Rugby Union World Cup

The Rugby Union World Cup, commonly referred to simply as the Rugby World Cup, is arranged by the International Rugby Board and has been held every four years since 1987. It is thus much younger than the Rugby League World Cup which dates back to 1954.

Before the institution of the Rugby World Cup, all international rugby union competitions except the Summer Olympics were limited to a specific region. There is for instance the Home Nations Championship (today named Six Nations Championship) which has been around since 1883. Originally, it was open only for the national teams of England, Scotland, Wales and Ireland, before welcoming France (1910) and Italy (2000).

Rugby Union was removed from the Summer Olympics after the 1924 Olympics in Paris. The idea of a Rugby Union World Cup surfaced now and then through the decades, but it never caught root in the International Rugby Football Board (IRFB). In the early 1980’s, the Australian Rugby Union and the New Zealand Rugby Union both asked IRFB permission to host a World Cup, and in 1985 France had joined their efforts to create a world-wide rugby contest. Even the South African Rugby Union supported the idea, even though the international sports boycott of the apartheid regime meant that they could not participate. Eventually, one English and one Welsh delegate switched sides to support the cup and the IRFB approved the cup by 10 votes to 6. The very first Rugby Union World Cup was held in 1987 and hosted by Australia and New Zealand. Sixteen national teams participated and the gold medal went to New Zealand.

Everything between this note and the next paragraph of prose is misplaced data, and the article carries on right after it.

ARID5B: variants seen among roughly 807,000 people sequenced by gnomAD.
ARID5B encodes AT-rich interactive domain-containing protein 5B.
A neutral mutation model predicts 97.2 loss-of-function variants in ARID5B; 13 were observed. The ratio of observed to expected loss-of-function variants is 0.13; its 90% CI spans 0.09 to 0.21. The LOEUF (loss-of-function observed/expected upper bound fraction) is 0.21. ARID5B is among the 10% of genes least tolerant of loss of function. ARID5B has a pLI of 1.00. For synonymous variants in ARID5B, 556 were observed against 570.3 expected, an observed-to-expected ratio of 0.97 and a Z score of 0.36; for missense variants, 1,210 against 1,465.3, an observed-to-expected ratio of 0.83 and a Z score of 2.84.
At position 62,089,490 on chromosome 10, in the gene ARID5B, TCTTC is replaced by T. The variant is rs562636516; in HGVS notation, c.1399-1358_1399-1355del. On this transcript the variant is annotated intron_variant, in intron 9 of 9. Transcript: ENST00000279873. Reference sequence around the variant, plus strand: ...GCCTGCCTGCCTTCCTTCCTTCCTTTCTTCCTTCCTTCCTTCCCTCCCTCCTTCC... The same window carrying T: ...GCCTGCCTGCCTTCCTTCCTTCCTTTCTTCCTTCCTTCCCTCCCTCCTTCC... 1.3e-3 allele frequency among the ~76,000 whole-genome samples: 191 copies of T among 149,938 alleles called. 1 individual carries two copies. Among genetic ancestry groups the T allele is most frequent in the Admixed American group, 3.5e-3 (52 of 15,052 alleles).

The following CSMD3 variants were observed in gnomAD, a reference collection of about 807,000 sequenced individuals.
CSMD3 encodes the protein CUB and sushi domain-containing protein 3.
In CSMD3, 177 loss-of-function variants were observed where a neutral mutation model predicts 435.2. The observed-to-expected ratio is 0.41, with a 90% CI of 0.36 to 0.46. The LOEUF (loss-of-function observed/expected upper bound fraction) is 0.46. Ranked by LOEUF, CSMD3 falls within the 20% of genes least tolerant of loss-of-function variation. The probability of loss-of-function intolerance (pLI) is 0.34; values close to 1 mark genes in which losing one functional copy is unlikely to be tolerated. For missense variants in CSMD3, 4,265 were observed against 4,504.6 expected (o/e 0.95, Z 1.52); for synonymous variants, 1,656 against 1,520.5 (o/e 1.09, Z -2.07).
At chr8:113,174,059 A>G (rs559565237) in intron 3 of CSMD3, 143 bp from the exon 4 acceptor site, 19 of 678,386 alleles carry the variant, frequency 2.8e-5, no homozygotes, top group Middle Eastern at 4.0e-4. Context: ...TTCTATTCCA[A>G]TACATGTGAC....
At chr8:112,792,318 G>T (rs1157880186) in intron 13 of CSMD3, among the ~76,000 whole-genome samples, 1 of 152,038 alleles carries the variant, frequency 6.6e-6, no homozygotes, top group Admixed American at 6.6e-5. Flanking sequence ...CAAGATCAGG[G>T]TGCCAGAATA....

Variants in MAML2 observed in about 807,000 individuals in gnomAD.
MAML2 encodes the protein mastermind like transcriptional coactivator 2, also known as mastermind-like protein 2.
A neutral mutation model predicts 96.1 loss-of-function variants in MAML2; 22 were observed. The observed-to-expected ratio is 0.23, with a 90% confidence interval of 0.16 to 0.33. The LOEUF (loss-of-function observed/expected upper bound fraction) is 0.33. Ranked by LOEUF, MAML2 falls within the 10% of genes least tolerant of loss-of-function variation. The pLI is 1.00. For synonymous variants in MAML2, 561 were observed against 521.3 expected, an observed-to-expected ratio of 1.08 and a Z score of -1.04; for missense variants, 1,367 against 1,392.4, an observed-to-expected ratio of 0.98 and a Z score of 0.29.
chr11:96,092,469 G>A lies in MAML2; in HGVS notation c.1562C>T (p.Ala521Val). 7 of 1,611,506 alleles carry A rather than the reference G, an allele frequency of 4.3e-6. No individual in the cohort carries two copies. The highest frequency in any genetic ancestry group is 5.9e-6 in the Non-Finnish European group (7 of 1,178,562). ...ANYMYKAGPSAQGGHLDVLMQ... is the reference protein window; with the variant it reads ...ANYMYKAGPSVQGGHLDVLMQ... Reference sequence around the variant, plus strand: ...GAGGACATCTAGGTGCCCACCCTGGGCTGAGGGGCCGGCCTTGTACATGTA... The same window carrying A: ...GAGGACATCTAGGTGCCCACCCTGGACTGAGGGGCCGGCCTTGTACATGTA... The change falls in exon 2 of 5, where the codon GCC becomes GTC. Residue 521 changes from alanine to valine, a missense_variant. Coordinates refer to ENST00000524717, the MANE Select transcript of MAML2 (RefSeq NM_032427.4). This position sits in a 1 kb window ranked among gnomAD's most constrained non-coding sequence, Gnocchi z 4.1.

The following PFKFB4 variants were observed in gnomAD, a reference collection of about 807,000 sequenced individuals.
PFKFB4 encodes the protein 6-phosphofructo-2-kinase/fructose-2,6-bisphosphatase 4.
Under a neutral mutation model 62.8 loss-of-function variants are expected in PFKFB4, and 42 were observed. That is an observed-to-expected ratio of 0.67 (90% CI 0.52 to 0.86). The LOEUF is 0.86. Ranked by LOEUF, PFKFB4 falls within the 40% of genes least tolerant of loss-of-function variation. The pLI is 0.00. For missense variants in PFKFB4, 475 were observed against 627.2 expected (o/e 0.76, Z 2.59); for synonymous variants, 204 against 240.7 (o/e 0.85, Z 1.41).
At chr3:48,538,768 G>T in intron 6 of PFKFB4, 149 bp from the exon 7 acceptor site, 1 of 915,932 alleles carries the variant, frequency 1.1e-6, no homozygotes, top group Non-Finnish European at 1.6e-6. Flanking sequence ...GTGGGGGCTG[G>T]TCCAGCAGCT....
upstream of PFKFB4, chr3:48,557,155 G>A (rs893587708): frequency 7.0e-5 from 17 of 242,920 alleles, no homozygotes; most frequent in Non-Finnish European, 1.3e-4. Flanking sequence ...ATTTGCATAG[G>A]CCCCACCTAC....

The first Rugby Union World Cup had no qualification stage, but today twelve of the positions are filled by automatic qualification and eight through a region based system. All teams that finished first, second or third in the group stage of the previous tournament are automatically qualified. Of the remaining eight slots, Europe gets two, the Americas gets two, Africa gets one, Asia gets one and Oceania gets one, and the last spot is determined by a play-off.

The 20 teams that qualify compete over a month in the host nation or nations. They are divided into four pools (A, B, C and D), and seeded based on the IRB World Rankings. Each pool receives one of the four highest seeded teams, one of the teams ranked 5-8 and one of the teams ranked 9-12. The remaining spots in the teams are filled by the remaining qualifiers.

Within the pool, each team will meat each other team once. The winner and runner-up proceeds to the knock-out stage where quarter-finals, semi-finals and a final are played. The winner of the Rugby Union World Cup receives the William Webb Ellis Cup.

The Rugby Union World Cup is a fairly young competition, but it is attracting more and more interest from the sportsbetting community and it is today possible to find bookmakers who offer odds for the world cup. The recent boom in internet betting has aided this development and it is today possible to place a bet on the Rugby Union World Cup even if you happen to be in a country where rugby is not a widely played sport.